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tstrimp

Kernel Event/Input System

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I'm trying to create an event system to make handling user input a lot easier. I've settled on an input class that maps keys to events and then passes an event based on the key pressed to the event handler which then distributes it to the classes that are subscribed to the event. Pretty simple stuff. I'm running into a design issue reguarding tasks and the kernel though. While the input system is a Task it does nothing with the inherited update function. It just sets the function call back when the task starts. The event handler most likely will not make use of an update either. I could queue events and input and then distribute them on update but I'm don't think that gains me anything but consistency. Should I just build these 2 tasks in with the window task since all they need is the Start() method? Should I go ahead an queue the input and events so that they could make use of the Update method? One advantage of that is there is one place to monitor outgoing input and events but is it worth the overhead? Any insight into this issue would be appreciated! Thanks, Tim [Edited by - tstrimp on April 19, 2006 12:32:19 PM]

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I decided to go with an input and event queue and to push those out to their listeners on the kernel Update. This will let me better control on when messages are delivered. It would be nice if someone had an opinion on it though. [wink]

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So, you say that code which was going to be put into Input task will be completely transferred to Kernel task, and Input task will be removed (I understood your post this way, I hope that's what you meant)? Sure, why not, if your Input::Update() method was blank and Input::Start() was shorter than, say, 15 lines, then input code probably won't clutter Kernel too much. However, if you plan to improve and extend your input handling capabilities in the future, you may want to stay with separate Input and Kernel classess, just to be safe.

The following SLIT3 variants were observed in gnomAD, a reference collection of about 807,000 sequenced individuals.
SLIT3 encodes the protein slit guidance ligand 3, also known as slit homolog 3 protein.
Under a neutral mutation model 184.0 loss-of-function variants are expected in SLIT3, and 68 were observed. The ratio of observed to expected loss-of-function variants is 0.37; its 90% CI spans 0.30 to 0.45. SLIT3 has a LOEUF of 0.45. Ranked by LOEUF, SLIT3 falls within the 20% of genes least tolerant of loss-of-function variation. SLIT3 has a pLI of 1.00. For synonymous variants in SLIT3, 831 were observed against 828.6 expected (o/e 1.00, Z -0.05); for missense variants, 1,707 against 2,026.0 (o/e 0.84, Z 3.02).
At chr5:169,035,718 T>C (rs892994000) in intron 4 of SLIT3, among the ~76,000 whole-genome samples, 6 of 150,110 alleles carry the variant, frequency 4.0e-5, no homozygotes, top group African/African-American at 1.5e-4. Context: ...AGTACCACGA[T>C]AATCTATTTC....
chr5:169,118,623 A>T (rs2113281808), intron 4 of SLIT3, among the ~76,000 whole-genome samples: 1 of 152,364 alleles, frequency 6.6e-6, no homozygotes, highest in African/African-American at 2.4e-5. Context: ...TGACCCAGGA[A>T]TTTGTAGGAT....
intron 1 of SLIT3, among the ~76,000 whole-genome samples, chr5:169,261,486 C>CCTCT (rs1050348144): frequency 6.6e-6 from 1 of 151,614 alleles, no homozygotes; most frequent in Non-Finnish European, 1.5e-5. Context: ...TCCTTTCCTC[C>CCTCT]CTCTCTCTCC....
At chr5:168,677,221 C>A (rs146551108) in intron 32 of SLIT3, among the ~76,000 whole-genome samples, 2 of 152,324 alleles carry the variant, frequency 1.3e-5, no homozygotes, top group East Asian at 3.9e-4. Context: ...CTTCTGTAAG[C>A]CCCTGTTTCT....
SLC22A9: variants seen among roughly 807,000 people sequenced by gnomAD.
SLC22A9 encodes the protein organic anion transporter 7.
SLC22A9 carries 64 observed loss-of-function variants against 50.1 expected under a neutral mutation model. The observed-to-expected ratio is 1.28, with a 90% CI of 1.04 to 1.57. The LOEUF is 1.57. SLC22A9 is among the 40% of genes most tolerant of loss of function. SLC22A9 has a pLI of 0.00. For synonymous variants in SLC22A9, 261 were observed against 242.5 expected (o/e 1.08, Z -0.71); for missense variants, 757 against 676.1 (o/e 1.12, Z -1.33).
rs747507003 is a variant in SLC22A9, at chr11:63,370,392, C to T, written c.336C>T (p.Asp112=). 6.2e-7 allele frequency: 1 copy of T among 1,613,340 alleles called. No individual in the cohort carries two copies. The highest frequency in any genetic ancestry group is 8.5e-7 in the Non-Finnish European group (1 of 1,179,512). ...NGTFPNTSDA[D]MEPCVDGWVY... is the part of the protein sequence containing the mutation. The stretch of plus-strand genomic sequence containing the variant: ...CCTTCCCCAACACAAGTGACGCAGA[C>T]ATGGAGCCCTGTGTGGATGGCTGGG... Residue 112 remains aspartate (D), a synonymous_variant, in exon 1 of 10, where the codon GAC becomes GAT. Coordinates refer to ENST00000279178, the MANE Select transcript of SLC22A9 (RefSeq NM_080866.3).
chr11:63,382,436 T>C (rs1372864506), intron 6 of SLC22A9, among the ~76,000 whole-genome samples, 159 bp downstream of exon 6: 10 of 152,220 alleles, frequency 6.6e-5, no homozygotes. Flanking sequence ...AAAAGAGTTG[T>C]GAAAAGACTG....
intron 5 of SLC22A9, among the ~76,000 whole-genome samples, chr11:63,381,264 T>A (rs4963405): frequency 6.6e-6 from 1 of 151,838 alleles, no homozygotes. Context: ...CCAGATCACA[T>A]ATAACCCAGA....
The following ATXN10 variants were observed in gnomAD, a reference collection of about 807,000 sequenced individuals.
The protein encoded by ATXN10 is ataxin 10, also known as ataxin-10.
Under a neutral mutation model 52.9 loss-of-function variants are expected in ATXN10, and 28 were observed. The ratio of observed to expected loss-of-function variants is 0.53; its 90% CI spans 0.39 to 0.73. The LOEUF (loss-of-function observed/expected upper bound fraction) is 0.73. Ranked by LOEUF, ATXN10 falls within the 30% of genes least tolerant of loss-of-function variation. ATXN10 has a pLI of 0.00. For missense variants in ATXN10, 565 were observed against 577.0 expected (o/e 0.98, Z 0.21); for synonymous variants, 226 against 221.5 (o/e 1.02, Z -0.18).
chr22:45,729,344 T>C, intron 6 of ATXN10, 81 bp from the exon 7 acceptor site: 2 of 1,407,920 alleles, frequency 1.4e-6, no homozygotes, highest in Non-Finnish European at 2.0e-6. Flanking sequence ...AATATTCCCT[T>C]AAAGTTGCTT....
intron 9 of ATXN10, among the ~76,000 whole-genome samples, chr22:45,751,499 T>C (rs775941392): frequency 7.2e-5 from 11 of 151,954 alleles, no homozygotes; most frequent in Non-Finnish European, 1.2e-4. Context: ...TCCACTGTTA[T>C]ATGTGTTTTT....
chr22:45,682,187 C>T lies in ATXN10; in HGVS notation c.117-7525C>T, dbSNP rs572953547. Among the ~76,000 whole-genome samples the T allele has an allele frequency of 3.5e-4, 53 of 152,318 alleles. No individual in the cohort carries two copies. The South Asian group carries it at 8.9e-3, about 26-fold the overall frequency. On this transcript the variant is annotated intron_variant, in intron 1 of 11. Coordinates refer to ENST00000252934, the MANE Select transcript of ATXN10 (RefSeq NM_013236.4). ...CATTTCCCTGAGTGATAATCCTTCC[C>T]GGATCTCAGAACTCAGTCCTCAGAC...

Btw, though I designed my system in different way (getInput.GetKeyNowPressed(SDLK_whatever) etc. used extensively and one way to emulate events, which are used very rarely) I think that your version should prove oneself. Good luck :-)

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Quote:
Original post by Koshmaar
Btw, though I designed my system in different way (getInput.GetKeyNowPressed(SDLK_whatever) etc. used extensively and one way to emulate events, which are used very rarely) I think that your version should prove oneself. Good luck :-)


Thats what I wanted to avoid. Idealy, a task that needs input will subscribe to an event. The some of the events are subscribed to input. Then when the user presses a key. The input handler fires of the events that are tied to it and the events alert the subscribed tasks that the event has occured.

I'm hoping this will make it very easy to modify user input.

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Yup, probably it'll prove to be useful, just remember to develop flexible and easy to use callback system , sth more sophisticated than simple pointers to functions (maybe functors? or signals and slots?), since they're rather tedious to use.

...

After second thought, now I think that even simple pointers should suffice :-) All in all, such callback would be just plain void (*function)().

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The event handler has a pointer to the task that has subscribed to it. All tasks inherit an alert member function that the even handler uses to pass events on to the task. Am I missing any obvious flaws here?

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